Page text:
Need more astronomy apps? Check out these roundups and collections for Android, BlackBerry, iOS and Windows Phone.
And while it’s not quite mapping the sky, the free Planetary app for iPad maps your music collection to a series of animated intergalactic visualizations. While the deep-space picture show may seem a little weird when listening to, say, banjo music (unless you have the right song), it really rocks the screen if you tap up a bit of Gustav Holst.
The 2012 Olympics are underway in London and although social media and streaming apps are bigger than they’ve ever been during the Games, not everything is going swimmingly. The US television network NBC has been getting some criticism as viewers complained about the Opening Ceremony commentary and for editing out a sensitive section of the show that dealt with terrorism
The tweetstorm also raged against Twitter when company suspended the account of journalist Guy Adams after he posted an NBC exec’s corporate e-mail address as part of a rant about the TV coverage. (The Adams account was soon reinstated, but the whole episode should have won Twitter a gold medal in the Synchronized Kneejerk event. But at least the company has apologized.)
Facebook, another pillar of online activity, has its own issue this week with allegations of click-fraud. Limited Run, a small startup company, said it could not verify 80 percent of the clicks on its advertisements and wonders “Who let the bots out?” Limited Run (which has deleted its Facebook page) was also involved in another spat with Facebook over changing the name of its company page. Facebook has said it’s looking into these matters.
Hulu Plus has landed on the Apple TV, but what the tech blogs are more concerned with is that Apple may be making new product announcements on September 12. While we wait to find out, we can always try out Google’s revamp of video chat for Gmail.
Not everyone is down with Valve Software’s efforts to bring Steam games to the Linux paltform. Richard Stallman, the founder of The GNU Project and the Free Software Foundation, has some concerns. Whatever your feelings on the matter, we hear Left 4 Dead 2 (4 Linux) is coming along nicely. Also on a gaming note, Ubisoft has patched a major security vulnerability in its Uplay browser plug-in. Players, please update your software.
We’re into August (and our 10th episode!) and there’s still time to enjoy the idle pleasures of just parking it for summer with visits to state parks, car trips to National Parks and all-day passes to theme parks. Just wait until they fix the Superman Ultimate Flight roller coaster at Six Flags Discovery Kingdom in California before you hop aboard, okay?
If you’re like The Kaiser, though, you may be spending your lazy days of summer upgrading your computers. (Ubuntu Linux frequently releases updates and that little company in Cupertino just popped out a new cat called OS X 10.8, you know.) As he reports this week, make sure your Mac has the hardware chops to wrestle the Cougar and prepare it properly before you jump into the App Store and slap down an electronic Jackson. The loss of the RSS Feeds feature in Safari and Mail is a bummer, but as with most things, there’s a hack to recover your lost Mail feeds for use elsewhere and a handful of other options for RSS fans who might be a tad peeved about the situation. Now that the brave and fearless early adopters have taken the Mountain Lion plunge, it won’t be long for the rest of us to catch up. Probably best to get it done before September 12th, just in case there are new things to occupy one’s attention.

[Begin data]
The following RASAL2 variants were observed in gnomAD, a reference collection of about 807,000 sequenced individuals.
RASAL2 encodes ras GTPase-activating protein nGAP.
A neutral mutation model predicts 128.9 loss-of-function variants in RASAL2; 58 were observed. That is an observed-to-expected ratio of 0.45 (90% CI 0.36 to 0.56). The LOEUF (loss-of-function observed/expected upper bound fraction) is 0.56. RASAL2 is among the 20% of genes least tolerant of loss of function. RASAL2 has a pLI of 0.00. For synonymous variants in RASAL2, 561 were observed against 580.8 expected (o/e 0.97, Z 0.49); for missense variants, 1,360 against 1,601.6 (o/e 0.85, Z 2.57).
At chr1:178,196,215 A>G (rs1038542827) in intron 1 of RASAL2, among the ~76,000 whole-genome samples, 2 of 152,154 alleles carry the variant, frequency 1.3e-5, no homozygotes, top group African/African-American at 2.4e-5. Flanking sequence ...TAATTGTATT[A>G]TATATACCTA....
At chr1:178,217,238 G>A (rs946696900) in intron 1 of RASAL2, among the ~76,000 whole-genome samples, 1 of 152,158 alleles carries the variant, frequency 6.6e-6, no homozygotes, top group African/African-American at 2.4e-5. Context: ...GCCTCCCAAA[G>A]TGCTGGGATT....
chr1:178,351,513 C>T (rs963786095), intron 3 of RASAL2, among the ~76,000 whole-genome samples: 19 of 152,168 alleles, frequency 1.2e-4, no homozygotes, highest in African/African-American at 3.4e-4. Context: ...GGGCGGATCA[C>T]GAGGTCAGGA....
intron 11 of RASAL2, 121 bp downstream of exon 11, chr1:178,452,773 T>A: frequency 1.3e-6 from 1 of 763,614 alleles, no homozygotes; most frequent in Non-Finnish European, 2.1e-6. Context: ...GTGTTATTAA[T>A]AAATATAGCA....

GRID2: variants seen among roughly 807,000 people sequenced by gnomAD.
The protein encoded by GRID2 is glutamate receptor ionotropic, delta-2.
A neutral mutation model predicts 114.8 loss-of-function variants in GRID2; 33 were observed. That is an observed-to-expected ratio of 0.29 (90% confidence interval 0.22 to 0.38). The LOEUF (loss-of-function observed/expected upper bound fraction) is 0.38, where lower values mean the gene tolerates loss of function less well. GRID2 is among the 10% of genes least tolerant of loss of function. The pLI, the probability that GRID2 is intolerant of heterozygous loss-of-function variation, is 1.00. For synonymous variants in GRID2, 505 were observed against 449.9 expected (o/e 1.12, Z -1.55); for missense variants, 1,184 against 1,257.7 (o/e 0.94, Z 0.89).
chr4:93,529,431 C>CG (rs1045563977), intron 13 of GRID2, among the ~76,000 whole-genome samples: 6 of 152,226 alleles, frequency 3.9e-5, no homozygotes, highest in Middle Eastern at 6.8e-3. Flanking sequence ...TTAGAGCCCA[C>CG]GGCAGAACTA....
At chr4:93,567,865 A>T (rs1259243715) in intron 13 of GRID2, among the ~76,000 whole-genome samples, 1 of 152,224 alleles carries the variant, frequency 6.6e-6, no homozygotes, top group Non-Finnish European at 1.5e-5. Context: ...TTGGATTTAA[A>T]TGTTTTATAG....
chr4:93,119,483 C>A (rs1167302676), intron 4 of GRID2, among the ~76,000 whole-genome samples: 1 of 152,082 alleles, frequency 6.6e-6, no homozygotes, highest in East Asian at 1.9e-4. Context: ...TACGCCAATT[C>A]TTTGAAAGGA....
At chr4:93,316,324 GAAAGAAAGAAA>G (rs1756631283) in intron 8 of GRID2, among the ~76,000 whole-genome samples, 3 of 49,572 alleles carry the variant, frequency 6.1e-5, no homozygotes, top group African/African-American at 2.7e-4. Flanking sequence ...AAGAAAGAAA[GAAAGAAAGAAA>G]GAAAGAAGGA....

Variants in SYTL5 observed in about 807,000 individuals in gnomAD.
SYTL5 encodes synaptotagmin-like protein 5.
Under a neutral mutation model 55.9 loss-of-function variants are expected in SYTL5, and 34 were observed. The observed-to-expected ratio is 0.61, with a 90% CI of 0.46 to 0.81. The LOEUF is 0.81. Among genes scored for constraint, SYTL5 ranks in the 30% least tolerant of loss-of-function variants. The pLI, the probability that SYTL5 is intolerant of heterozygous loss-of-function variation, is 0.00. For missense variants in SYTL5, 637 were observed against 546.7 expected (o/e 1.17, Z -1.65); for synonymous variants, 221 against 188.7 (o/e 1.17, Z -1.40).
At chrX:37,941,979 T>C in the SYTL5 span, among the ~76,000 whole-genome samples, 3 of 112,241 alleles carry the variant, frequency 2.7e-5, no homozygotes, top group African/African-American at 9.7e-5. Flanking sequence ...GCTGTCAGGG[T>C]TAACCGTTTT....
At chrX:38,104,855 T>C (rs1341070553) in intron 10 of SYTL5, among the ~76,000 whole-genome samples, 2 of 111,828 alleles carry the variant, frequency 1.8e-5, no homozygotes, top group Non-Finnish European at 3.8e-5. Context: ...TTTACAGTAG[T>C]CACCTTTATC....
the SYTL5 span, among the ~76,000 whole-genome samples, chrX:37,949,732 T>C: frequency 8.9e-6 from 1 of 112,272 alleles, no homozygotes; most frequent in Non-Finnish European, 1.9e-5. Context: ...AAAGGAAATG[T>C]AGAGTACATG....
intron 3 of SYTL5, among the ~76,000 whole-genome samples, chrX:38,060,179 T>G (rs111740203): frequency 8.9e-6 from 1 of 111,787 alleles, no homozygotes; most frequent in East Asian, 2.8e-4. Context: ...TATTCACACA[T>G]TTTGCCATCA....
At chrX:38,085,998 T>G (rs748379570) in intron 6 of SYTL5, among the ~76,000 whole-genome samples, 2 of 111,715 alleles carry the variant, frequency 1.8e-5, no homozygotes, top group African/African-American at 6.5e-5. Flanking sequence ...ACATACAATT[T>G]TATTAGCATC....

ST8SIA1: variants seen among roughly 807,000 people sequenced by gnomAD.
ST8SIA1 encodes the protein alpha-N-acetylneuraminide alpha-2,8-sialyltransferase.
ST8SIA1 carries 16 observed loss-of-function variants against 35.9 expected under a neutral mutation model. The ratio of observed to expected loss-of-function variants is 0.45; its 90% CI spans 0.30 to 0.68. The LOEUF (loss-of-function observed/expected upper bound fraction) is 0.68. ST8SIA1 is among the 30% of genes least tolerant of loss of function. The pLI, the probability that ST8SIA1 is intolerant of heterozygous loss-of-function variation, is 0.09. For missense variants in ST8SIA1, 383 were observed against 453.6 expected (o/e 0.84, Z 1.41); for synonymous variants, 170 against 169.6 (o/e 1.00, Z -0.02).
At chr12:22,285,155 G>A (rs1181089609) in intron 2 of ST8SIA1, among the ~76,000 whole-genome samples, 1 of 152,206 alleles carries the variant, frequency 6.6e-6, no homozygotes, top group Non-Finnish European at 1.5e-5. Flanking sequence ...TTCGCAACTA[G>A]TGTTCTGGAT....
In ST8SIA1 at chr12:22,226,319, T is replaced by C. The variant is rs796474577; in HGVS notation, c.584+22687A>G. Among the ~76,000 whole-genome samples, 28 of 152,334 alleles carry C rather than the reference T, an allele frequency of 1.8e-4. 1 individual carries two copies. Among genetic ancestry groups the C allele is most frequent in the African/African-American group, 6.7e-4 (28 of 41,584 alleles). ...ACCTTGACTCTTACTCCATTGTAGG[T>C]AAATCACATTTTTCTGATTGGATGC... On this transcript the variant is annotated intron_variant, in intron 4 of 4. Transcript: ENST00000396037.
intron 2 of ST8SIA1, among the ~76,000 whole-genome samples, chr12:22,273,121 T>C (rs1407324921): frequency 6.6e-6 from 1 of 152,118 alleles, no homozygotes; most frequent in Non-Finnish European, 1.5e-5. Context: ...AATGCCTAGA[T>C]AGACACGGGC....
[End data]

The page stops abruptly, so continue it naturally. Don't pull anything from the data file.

Many people communicate in more than one language and today’s technology keeps up with this global worldview. While your phone or tablet’s operating system may have a default language for the menus and interface, you can go multilingual when it comes to dashing off texts, e-mail messages and other bits of writing.
Apple makes this quite easy to do on its iOS devices and offers a wide range of languages to choose from, including Arabic, most European and Asian languages and Cherokee. You can even choose regional variations like French Canadian or Brazilian Portuguese. Emoji, those popular little pictographs favored by teenage girls, are also an option.
If you are linguistically gifted, you can set up multiple keyboards for all the languages you need and just toggle between them by tapping the globe key that now appears on your iOS keyboard. Apple has instructions for setting up international keyboards on iOS devices right here.